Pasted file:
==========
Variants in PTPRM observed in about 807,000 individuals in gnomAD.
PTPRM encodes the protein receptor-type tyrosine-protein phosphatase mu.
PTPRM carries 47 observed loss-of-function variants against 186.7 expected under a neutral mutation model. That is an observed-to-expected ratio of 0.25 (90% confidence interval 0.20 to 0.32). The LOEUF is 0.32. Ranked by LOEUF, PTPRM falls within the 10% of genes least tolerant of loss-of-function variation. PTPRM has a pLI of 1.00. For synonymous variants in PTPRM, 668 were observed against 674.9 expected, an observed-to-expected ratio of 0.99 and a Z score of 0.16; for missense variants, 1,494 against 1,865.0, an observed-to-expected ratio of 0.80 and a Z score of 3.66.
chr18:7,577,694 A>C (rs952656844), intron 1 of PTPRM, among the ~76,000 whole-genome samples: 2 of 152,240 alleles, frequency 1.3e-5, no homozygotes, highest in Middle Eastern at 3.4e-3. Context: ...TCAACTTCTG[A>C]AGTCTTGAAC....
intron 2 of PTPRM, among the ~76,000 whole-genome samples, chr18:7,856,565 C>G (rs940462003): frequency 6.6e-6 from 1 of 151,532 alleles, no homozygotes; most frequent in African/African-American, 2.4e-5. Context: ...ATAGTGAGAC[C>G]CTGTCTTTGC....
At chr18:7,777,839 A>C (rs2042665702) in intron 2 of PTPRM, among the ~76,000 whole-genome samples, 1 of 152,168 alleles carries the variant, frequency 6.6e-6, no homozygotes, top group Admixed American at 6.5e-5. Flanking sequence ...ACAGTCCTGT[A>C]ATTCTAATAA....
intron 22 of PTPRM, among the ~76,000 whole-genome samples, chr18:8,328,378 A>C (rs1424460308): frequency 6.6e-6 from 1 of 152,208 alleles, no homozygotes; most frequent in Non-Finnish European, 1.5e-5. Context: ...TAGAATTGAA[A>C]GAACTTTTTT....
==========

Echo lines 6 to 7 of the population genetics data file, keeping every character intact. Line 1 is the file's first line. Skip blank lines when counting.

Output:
At chr18:7,777,839 A>C (rs2042665702) in intron 2 of PTPRM, among the ~76,000 whole-genome samples, 1 of 152,168 alleles carries the variant, frequency 6.6e-6, no homozygotes, top group Admixed American at 6.5e-5. Flanking sequence ...ACAGTCCTGT[A>C]ATTCTAATAA....
intron 22 of PTPRM, among the ~76,000 whole-genome samples, chr18:8,328,378 A>C (rs1424460308): frequency 6.6e-6 from 1 of 152,208 alleles, no homozygotes; most frequent in Non-Finnish European, 1.5e-5. Context: ...TAGAATTGAA[A>C]GAACTTTTTT....